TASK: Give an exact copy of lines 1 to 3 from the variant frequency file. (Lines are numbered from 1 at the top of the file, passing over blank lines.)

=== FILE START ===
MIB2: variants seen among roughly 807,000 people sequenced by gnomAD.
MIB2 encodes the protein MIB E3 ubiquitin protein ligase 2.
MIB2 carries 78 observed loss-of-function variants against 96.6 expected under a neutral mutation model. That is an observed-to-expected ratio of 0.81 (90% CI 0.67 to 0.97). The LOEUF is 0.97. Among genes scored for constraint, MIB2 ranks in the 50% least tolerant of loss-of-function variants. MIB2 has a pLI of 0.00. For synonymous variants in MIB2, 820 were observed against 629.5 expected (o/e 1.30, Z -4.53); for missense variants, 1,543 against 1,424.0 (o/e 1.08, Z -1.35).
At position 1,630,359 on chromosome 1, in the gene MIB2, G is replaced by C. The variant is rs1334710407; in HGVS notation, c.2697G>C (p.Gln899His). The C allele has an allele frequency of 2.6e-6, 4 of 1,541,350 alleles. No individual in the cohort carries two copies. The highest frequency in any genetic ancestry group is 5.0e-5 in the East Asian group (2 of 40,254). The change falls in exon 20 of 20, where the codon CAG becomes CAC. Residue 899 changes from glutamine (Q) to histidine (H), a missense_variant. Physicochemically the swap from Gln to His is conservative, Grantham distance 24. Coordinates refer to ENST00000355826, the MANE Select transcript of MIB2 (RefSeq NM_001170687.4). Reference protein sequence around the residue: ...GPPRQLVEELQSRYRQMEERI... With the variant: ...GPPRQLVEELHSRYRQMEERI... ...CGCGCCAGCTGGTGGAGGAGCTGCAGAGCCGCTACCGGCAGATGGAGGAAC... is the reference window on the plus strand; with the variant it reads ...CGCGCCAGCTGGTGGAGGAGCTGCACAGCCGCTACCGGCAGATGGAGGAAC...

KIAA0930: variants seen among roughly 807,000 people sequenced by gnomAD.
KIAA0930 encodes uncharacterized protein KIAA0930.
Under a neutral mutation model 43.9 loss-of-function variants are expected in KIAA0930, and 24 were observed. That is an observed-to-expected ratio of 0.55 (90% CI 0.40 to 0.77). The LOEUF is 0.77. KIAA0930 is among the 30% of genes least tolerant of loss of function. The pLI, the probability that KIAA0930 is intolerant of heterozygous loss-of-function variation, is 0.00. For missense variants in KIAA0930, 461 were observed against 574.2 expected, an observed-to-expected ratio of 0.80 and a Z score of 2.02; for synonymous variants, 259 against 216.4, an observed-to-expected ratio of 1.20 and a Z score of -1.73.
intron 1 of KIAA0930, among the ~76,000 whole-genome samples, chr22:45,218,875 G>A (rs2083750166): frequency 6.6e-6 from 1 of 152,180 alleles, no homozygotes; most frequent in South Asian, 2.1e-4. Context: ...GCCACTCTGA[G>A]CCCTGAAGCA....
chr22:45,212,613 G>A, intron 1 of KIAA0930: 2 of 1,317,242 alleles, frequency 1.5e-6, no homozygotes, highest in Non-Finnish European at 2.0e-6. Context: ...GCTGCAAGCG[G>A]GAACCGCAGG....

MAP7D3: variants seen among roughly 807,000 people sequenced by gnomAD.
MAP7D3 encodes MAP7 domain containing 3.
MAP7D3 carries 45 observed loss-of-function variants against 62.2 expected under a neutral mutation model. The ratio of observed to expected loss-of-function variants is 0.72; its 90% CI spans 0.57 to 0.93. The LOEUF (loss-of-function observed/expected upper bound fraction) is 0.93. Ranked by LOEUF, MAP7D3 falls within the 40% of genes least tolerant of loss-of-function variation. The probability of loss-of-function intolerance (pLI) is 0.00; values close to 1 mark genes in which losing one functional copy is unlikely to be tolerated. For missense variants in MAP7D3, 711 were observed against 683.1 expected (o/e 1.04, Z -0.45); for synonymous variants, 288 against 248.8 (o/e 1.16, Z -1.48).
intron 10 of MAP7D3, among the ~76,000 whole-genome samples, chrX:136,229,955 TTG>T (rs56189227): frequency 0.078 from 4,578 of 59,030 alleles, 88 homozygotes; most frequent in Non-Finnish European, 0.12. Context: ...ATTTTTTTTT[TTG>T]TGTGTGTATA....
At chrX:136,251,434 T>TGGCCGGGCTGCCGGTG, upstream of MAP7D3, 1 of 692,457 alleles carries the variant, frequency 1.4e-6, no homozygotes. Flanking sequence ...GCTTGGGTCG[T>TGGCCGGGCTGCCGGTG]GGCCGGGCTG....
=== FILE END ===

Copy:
MIB2: variants seen among roughly 807,000 people sequenced by gnomAD.
MIB2 encodes the protein MIB E3 ubiquitin protein ligase 2.
MIB2 carries 78 observed loss-of-function variants against 96.6 expected under a neutral mutation model. That is an observed-to-expected ratio of 0.81 (90% CI 0.67 to 0.97). The LOEUF is 0.97. Among genes scored for constraint, MIB2 ranks in the 50% least tolerant of loss-of-function variants. MIB2 has a pLI of 0.00. For synonymous variants in MIB2, 820 were observed against 629.5 expected (o/e 1.30, Z -4.53); for missense variants, 1,543 against 1,424.0 (o/e 1.08, Z -1.35).